Game Development Reference
Sort primitives. Our current implementation uses a modified version of the bitonic
sort included in the DirectX 11 software development kit (SDK) [Microsoft 10].
According to [Satish et al. 09], radix sort currently seems to be the fastest sorting
algorithm on GPU platforms. However, it is not within the scope of the current
chapter to discuss the advantages of radix sort against bitonic sort. Bitonic sort
allows the current application to build models as big as 2 18 (262 , 144) primitives.
A proper sorting implementation would allow the building of bigger models
from scratch every frame. The algorithm sorts the primitives in ascending order
based on the Morton code computed on the previous stage. For bigger models,
the framework uses a CPU-based BVH.
Build the tree. On the third step, the tree is built in a top-down fashion. Each
thread computes the data of two nodes, left and right. Since two children share
the same parent, race conditions are avoided. The number of passes is equal to
the depth of the tree because each pass computes the nodes of one level. It is easy
to see that the first levels are poorly parallelized, which represents a serious issue
on hierarchical structures. The algorithm stores three types of nodes: invalid,
leaf, and internal nodes. For invalid nodes, the algorithm checks the parent of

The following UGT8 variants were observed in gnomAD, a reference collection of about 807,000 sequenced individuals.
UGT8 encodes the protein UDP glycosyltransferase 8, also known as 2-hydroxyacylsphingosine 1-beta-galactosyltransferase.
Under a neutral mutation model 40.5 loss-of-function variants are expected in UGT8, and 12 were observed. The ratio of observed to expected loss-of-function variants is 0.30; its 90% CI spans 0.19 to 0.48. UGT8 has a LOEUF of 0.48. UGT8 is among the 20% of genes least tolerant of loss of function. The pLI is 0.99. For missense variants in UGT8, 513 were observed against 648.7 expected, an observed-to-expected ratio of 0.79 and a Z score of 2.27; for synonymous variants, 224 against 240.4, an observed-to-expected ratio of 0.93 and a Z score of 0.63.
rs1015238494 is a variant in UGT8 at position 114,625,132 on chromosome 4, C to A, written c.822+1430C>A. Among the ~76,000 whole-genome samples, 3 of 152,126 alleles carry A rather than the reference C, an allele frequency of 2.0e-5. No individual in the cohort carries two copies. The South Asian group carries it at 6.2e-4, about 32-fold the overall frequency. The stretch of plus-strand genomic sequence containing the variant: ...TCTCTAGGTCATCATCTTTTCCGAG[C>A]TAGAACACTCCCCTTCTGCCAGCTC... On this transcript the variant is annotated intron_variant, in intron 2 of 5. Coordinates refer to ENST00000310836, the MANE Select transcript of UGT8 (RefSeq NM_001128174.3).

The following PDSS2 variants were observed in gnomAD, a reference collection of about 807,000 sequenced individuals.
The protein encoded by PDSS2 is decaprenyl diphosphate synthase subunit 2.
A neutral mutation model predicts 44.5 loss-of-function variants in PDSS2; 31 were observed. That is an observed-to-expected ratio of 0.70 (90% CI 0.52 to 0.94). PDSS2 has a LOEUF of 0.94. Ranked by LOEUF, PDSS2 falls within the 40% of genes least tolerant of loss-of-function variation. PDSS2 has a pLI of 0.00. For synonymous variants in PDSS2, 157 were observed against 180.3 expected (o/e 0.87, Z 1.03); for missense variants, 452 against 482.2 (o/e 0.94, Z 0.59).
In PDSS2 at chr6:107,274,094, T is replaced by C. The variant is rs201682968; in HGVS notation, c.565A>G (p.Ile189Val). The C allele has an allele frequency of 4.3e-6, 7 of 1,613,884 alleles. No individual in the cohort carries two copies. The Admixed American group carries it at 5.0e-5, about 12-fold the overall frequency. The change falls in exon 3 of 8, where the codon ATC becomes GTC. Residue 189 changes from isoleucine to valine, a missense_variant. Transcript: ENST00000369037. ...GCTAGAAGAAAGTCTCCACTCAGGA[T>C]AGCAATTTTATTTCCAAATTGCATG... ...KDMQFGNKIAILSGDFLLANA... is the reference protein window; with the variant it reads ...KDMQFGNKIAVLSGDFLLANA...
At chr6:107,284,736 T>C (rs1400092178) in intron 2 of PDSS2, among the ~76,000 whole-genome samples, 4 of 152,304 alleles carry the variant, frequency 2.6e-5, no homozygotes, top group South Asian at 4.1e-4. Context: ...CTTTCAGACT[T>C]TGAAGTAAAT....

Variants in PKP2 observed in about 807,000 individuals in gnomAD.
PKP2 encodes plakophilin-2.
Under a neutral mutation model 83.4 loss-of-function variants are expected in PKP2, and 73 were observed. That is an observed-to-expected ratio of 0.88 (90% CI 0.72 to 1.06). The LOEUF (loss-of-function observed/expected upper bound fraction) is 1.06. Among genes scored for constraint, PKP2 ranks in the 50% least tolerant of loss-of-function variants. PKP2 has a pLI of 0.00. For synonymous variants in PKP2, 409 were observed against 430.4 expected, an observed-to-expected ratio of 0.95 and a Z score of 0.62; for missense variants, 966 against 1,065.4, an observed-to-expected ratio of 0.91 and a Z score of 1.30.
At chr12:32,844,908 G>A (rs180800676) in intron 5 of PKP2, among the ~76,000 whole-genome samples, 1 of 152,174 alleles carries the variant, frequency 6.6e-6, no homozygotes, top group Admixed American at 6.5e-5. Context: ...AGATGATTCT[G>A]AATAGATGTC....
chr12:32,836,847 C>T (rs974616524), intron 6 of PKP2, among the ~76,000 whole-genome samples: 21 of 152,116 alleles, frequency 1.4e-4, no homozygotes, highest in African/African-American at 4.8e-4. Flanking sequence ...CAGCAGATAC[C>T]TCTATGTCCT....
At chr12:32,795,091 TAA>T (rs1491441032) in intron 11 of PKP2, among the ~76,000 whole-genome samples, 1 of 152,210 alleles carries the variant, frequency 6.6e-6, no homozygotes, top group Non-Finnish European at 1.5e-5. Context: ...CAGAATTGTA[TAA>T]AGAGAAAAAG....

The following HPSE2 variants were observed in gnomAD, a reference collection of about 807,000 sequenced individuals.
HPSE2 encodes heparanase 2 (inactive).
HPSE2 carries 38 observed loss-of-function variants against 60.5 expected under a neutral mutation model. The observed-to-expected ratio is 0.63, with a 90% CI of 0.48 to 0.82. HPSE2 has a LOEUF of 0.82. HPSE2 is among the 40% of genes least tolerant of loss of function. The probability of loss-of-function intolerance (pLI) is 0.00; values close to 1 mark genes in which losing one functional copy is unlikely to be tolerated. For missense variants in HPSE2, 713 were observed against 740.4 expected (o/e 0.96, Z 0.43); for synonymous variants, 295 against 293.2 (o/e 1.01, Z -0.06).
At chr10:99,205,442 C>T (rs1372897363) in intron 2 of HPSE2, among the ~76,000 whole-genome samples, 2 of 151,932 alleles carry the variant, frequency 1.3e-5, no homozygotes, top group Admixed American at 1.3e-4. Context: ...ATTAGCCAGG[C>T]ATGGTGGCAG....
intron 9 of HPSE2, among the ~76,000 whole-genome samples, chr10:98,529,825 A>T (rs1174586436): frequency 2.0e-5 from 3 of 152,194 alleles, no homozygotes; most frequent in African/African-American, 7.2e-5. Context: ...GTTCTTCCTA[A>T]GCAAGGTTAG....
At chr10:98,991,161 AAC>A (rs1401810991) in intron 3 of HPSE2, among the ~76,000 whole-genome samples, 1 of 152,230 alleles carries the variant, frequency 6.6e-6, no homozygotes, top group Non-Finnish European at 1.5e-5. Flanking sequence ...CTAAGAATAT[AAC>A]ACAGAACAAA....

the current nodes. If PrimCount is negative, it means that the parent is invalid.
Since an invalid node cannot contain valid nodes underneath it, both children are
marked as invalid. When the i th node is less than 2 D − 1 , the node is internal. If
exceptions to this rule. Internal nodes may be marked as leaf nodes and their
children would be marked as invalid (which will never be visited) when
1. a branch finishes all possible geometry partitions before reaching the max-
imum depth of the tree, D (in this case, the primitives are stored in an
internal node, and the node is marked as a leaf node);
2. two or more primitives have the same Morton code (in this case, all primi-
tives with the same Morton code are stored in the same node; if the node is
an internal node, then the same process described previously is followed).
The first exception improves traversal performance by 20% because it avoids
unnecessary comparisons on deeper branches. In this way, the SLBVH emulates
an adaptive BVH by storing primitives in internal nodes. These internal nodes
have all the properties of a leaf node. The second exception has the same advan-
tage. If two primitives have the same Morton code, then in the end, they will be
stored on the same node. Instead of waiting until the last level of the tree, the
primitives are stored on a node as soon as possible.
Leaf nodes are also created when computing the nodes on the last level of the
tree, as shown in Listing 1.3. All remaining primitives are stored on either the
left or the right child. This is a disadvantage due to memory constraints. On
large models, in order to decrease the number of comparisons per ray, the depth